Philippine Military Identifies IS Extremist Group’s New Regional Leader

BenarNews staff
2022.03.02
Zamboanga, Philippines
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Philippine Military Identifies IS Extremist Group’s New Regional Leader Philippine soldiers keep watch near bombed-out buildings in what had been the main battle area in Marawi, southern Philippines, Oct. 25, 2017.
AFP

The Filipino military said Wednesday that it had identified the Islamic State extremist group’s new emir for Southeast Asia as the leader of a local militant faction being targeted in an offensive underway in the southern Philippines.

Abu Zacharia (also known as Jer Mimbantas and Faharudin Hadji Satar) is believed to have survived the military operation in Lanao del Sur province that was launched on Tuesday and involved air strikes and ground troops.

“We have information that Abu Zacaria was designated as (IS) emir for Southeast Asia,” Brig. Gen. Jose Maria Cuerpo II told reporters on Wednesday. Cuerpo is the commanding officer of 103rd Infantry Brigade, which led the assault.

The offensive overran Zacharia’s base in a hinterland village in Maguing town, the military said. It announced that another suspected militant had died, bringing the death toll to three militants and one soldier.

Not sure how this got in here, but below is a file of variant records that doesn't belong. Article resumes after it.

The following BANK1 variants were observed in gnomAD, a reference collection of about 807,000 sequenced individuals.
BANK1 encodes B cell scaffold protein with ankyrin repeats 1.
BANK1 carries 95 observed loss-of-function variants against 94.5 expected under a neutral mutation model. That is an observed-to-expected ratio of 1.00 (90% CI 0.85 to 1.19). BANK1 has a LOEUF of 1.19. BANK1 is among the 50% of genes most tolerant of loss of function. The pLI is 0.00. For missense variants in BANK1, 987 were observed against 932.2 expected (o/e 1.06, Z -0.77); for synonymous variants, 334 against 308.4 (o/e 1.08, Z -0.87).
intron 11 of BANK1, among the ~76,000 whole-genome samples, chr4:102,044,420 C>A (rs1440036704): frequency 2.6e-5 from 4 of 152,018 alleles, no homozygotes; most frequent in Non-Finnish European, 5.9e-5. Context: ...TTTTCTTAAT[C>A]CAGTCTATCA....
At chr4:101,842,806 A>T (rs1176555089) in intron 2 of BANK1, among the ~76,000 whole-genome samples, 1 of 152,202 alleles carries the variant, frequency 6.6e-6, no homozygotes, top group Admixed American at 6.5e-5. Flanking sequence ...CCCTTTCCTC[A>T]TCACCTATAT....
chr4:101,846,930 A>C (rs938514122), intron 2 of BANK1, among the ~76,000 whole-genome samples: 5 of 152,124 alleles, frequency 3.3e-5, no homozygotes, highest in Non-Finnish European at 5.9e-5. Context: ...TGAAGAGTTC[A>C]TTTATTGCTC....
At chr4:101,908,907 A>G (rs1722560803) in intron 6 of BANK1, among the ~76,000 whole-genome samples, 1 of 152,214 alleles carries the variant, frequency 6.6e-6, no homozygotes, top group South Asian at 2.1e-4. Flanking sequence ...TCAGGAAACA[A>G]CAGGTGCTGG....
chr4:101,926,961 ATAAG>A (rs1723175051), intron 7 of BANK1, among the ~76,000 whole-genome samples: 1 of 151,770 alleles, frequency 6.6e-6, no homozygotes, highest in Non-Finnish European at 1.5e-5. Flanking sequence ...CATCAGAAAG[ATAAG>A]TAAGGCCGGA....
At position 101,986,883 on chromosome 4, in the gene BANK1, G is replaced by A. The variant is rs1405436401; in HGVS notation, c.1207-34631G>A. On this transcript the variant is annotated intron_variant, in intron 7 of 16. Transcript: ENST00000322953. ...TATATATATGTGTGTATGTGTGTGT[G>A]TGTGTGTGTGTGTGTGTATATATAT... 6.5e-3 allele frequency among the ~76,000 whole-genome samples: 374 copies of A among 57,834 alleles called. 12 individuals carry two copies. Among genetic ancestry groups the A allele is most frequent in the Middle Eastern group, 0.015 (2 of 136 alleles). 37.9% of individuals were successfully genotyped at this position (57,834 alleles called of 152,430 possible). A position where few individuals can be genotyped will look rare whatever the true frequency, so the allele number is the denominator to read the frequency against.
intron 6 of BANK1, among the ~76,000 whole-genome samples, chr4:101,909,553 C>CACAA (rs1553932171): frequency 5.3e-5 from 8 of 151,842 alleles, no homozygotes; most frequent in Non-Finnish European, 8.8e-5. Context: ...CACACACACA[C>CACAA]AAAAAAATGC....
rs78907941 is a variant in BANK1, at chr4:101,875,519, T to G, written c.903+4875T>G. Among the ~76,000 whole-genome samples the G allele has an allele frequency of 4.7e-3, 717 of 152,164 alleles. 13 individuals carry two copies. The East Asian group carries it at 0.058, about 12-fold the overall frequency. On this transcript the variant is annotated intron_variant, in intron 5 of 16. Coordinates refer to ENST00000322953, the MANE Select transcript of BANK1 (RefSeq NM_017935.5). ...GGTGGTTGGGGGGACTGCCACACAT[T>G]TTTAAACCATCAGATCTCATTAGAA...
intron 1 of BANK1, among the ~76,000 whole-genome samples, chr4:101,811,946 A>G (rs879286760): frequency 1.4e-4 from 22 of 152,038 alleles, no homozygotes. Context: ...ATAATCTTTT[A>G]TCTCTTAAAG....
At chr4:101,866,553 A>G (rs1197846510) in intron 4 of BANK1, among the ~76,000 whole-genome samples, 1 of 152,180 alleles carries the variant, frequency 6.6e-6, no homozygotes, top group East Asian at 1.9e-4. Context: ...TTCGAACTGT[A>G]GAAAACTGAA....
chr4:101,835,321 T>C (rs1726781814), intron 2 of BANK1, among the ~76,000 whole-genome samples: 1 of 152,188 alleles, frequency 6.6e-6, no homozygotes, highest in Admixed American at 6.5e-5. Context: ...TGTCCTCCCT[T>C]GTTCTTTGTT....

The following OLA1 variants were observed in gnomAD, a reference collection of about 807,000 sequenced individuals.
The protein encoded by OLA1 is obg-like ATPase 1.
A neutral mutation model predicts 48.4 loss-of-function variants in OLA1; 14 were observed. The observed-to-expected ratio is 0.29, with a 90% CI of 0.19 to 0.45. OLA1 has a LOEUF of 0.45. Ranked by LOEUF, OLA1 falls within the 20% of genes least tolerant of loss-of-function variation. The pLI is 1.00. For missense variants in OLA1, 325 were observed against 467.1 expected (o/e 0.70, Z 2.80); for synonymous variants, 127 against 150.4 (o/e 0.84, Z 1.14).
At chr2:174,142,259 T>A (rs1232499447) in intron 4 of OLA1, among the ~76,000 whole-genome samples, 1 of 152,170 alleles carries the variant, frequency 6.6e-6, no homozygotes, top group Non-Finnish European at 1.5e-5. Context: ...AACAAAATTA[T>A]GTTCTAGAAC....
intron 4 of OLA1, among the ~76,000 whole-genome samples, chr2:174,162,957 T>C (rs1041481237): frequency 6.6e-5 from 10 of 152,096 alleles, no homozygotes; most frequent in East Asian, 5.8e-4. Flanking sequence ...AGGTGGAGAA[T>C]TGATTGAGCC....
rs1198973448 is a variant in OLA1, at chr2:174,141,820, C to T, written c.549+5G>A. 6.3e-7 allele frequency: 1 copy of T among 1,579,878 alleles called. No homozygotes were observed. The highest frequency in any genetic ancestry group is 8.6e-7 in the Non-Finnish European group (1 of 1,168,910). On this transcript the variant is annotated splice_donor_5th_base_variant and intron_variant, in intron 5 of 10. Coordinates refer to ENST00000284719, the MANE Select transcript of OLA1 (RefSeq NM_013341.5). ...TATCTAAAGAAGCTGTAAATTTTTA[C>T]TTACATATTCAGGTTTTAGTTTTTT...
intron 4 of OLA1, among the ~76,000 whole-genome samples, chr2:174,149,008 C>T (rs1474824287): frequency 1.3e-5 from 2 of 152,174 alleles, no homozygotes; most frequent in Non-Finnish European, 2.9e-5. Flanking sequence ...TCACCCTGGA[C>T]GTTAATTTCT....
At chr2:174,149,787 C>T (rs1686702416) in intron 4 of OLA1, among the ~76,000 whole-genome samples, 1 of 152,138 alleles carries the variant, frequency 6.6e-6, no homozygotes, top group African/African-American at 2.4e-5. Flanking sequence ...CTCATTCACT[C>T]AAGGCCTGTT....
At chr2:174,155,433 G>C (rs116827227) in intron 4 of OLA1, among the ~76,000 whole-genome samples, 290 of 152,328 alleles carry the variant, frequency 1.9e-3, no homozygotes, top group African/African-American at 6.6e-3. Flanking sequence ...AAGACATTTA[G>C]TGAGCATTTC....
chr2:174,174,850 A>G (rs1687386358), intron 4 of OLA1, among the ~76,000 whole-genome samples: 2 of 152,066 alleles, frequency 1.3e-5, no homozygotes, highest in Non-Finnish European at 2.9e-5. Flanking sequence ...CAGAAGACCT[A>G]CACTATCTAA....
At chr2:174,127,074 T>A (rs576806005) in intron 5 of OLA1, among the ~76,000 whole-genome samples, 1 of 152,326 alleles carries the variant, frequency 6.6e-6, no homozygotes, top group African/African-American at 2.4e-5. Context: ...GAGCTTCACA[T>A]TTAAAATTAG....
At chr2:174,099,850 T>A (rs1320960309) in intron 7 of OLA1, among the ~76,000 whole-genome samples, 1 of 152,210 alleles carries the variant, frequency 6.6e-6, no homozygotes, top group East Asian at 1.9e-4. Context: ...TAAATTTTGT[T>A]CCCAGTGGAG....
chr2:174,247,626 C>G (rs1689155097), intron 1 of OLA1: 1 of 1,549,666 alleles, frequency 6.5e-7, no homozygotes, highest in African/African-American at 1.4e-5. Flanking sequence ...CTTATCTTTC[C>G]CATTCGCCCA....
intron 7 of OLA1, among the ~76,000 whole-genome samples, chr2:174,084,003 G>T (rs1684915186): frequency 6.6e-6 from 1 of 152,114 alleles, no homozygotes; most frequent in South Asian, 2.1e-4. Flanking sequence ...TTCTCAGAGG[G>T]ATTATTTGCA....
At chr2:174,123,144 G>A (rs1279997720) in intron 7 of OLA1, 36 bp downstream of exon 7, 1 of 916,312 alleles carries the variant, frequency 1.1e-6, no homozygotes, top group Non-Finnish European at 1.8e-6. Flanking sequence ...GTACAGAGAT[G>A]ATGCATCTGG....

Lanao del Sur is where hundreds of pro-IS militants laid siege to Marawi, the provincial capital, for five months in 2017.

On Tuesday, the military launched pre-dawn airstrikes while sending ground troops to attack positions of Zacharia and his men. The military has been pursuing Zacharia’s group since January, Cuerpo said, adding that a recent intelligence report warned that his group might be preparing for a new round of hostilities.

“We have evidence, that is why we launched the offensive,” Cuerpo said.

Abu Zacharia succeeded Owaida Marohombsar (also known as Abu Dar), the leader of the Daulah Islamiyah-Maute Group who was killed in Lanao del Norte, a neighboring province, sometime in March 2019. Daulah Islamiyah means Islamic State in the local language.

Cuerpo said Zacharia was part of the Maute group that seized Marawi in 2017 and engaged government forces in a five-month battle, during which as many as 1,200 people died and much of the city was destroyed.

He escaped as troops retook Marawi while the regional leader of IS, Isnilon Hapilon, was killed in the fighting there. Hapilon was succeeded by Abu Dar.

Marawi is about 37 km (33 miles) northwest of Maguing.

Another IS faction based on Jolo Island, in the Philippines’ far-southern Sulu chain, meanwhile has been led by Hatib Hajan Sawadjaan, whose group was blamed for deadly bombings in 2019 and 2020. Sawadjaan has not been heard from since July 2020 and is believed to have been killed in a clash with government troops.

220302-PH-extremist-map.jpg
A map of Lanao Del Sur released by the Philippine military on March 2, 2022, shows the area of an offensive against pro-Islamic State Filipino militants. [Handout from Armed Forces of the Philippines]

Remote location